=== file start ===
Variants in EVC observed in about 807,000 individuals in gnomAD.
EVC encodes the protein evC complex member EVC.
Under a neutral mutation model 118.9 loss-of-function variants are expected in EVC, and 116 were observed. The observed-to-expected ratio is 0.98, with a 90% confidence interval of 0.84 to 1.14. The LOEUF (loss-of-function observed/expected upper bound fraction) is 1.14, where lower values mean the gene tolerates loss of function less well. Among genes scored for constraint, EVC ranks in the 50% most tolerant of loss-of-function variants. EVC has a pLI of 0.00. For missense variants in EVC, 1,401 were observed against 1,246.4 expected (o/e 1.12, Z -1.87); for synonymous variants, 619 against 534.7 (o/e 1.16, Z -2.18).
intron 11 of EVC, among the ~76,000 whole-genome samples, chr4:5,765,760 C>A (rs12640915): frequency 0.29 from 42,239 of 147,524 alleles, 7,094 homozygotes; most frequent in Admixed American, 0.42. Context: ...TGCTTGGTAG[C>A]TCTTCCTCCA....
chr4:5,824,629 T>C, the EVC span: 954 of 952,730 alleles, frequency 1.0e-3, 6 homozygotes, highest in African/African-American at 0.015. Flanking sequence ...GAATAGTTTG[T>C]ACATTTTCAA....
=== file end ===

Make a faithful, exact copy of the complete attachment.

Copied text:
Variants in EVC observed in about 807,000 individuals in gnomAD.
EVC encodes the protein evC complex member EVC.
Under a neutral mutation model 118.9 loss-of-function variants are expected in EVC, and 116 were observed. The observed-to-expected ratio is 0.98, with a 90% confidence interval of 0.84 to 1.14. The LOEUF (loss-of-function observed/expected upper bound fraction) is 1.14, where lower values mean the gene tolerates loss of function less well. Among genes scored for constraint, EVC ranks in the 50% most tolerant of loss-of-function variants. EVC has a pLI of 0.00. For missense variants in EVC, 1,401 were observed against 1,246.4 expected (o/e 1.12, Z -1.87); for synonymous variants, 619 against 534.7 (o/e 1.16, Z -2.18).
intron 11 of EVC, among the ~76,000 whole-genome samples, chr4:5,765,760 C>A (rs12640915): frequency 0.29 from 42,239 of 147,524 alleles, 7,094 homozygotes; most frequent in Admixed American, 0.42. Context: ...TGCTTGGTAG[C>A]TCTTCCTCCA....
chr4:5,824,629 T>C, the EVC span: 954 of 952,730 alleles, frequency 1.0e-3, 6 homozygotes, highest in African/African-American at 0.015. Flanking sequence ...GAATAGTTTG[T>C]ACATTTTCAA....